The interviews last about 30 minutes and include questions about motivation as well as questions from the proposed research area.
Publications are not expected but can be included with the application.
2. English language requirement
Applicants whose first language is not English are usually required to provide evidence of proficiency in English at the standard level required by the University.
3. Availability of supervision, teaching, facilities and places
The following factors will govern whether candidates can be offered places:
- The ability of the Department of Statistics to provide the appropriate supervision, research opportunities, teaching and facilities for your chosen area of work
- Minimum and maximum limits to the numbers of students who may be admitted to Oxford's research and taught programmes.
The provision of supervision, where required, is subject to the following points:
- The allocation of graduate supervision is the responsibility of the Department of Statistics and it is not always possible to accommodate the preferences of incoming graduate students to work with a particular member of staff
- Under exceptional circumstances, a supervisor may be found outside the Department of Statistics.
Where possible your academic supervisor will not change for the duration of your course. However, it may be necessary to assign a new academic supervisor during the course of study or before registration for reasons which might include sabbatical leave, maternity leave or change in employment.
4. Disability, health conditions and specific learning difficulties
Students are selected for admission without regard to gender, marital or civil partnership status, disability, race, nationality, ethnic origin, religion or belief, sexual orientation, age or social background.
Decisions on admission are based solely on the individual academic merits of each candidate and the application of the entry requirements appropriate to the course.
Further information on how these matters are supported during the admissions process is available in our guidance for applicants with disabilities.
All recommendations to admit a student involve the judgment of at least two members of academic staff with relevant experience and expertise, and additionally must be approved by the Director of Graduate Studies or Admissions Committee (or equivalent departmental persons or bodies).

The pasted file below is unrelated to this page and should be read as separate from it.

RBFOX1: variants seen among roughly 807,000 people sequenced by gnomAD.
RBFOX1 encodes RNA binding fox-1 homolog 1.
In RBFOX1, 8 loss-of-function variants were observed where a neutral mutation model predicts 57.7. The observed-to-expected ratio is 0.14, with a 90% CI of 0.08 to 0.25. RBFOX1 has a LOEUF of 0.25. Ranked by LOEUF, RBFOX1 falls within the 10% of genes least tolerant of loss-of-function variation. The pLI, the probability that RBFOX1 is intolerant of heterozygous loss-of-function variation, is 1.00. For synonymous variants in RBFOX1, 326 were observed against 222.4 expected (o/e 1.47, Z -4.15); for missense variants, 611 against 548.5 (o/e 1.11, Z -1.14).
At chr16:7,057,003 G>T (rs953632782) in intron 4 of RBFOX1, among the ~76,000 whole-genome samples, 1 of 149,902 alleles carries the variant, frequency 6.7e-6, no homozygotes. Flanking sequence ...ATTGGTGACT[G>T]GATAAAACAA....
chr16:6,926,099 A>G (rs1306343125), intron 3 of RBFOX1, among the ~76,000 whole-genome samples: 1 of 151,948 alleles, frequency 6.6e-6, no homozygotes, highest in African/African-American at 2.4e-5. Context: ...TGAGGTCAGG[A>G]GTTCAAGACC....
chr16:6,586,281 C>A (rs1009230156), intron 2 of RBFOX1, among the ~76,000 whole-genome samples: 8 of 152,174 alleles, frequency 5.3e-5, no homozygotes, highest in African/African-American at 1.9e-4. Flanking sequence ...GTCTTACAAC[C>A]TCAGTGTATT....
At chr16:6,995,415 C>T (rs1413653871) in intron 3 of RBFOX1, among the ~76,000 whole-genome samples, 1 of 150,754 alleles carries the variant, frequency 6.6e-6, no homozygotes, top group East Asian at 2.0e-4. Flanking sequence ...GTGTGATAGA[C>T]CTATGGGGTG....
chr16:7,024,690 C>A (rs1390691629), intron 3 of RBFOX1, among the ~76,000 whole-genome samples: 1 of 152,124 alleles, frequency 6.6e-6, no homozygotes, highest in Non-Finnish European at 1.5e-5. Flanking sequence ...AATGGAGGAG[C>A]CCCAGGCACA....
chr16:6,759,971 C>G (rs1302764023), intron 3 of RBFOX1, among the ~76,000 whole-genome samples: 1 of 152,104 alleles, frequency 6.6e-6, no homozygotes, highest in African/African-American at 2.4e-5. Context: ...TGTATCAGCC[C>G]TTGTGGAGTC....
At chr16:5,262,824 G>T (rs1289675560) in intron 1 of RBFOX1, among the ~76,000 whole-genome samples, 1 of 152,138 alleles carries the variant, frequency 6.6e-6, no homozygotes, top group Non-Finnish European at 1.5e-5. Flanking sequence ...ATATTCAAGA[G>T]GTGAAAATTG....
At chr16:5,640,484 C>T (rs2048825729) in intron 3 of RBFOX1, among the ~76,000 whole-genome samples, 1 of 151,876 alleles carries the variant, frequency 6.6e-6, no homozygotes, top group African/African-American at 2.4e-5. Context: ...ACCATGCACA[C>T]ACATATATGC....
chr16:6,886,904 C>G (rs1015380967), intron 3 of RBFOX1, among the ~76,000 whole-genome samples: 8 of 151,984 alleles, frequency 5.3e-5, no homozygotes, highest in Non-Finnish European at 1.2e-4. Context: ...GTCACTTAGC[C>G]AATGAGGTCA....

Admissions panels or committees will always include at least one member of academic staff who has undertaken appropriate training.
6. Other information
Whether you have yet secured funding is not taken into consideration in the decision to make an initial offer of a place, but please note that the initial offer of a place will not be confirmed until you have completed a Financial Declaration.
In 2016, the Department of Statistics moved to a newly-refurbished building in St Giles, near the centre of Oxford. The building has spaces for study and collaborative learning, including the library and large interaction and social area on the ground floor, as well as an open research zone on the second floor.
You will be provided with a computer and desk space in a shared office in this building.
You will have access to the Department of Statistics’ computing facilities and support, the department’s library (in addition to the nearby Radcliffe Science Library and other university libraries, and the centrally-provided electronic resources) and other facilities appropriate to your research topic. The provision of other resources specific to your research project should be agreed with your supervisor as a part of the planning stages of the agreed project.
The department runs seminar series in statistics and probability. There is also a graduate lecture series, involving snapshots of the research interests of the department. Several journal-clubs run each term, reading and discussing new research papers as they emerge.
Graduate training is an important part of the department's research mission. As well as the graduate lectures previously mentioned, formal lecture courses are also available, for example from the MSc in Statistical Science, from the fourth-year undergraduate courses in mathematics and statistics, and from the Centres for Doctoral Training. The MPLS Graduate School offers an extensive range of courses for graduate research students throughout the academic year, including academic subjects and skills; research skills and techniques; ethics and intellectual property; transferable, professional and personal effectiveness skills; and communication, interpersonal and teaching skills.
Departmental seminars and colloquia bring research students, together with academic and other research staff, to hear about on-going research, and provide an opportunity for networking and socialising.
There are over 1,100 full graduate scholarships available across the University, and these cover your course and college fees and provide a grant for living costs. If you apply by the relevant January deadline and fulfil the eligibility criteria you will be automatically considered. Over two thirds of Oxford scholarships require nothing more than the standard course application. Use the Fees, funding and scholarship search to find out which scholarships you are eligible for and if they require an additional application, full details of which are provided.
For students applying to programmes within the MPLS Division at Oxford, Research Council and other funding opportunities available, subject to eligibility. These opportunities are included in the Fees, funding and scholarship search.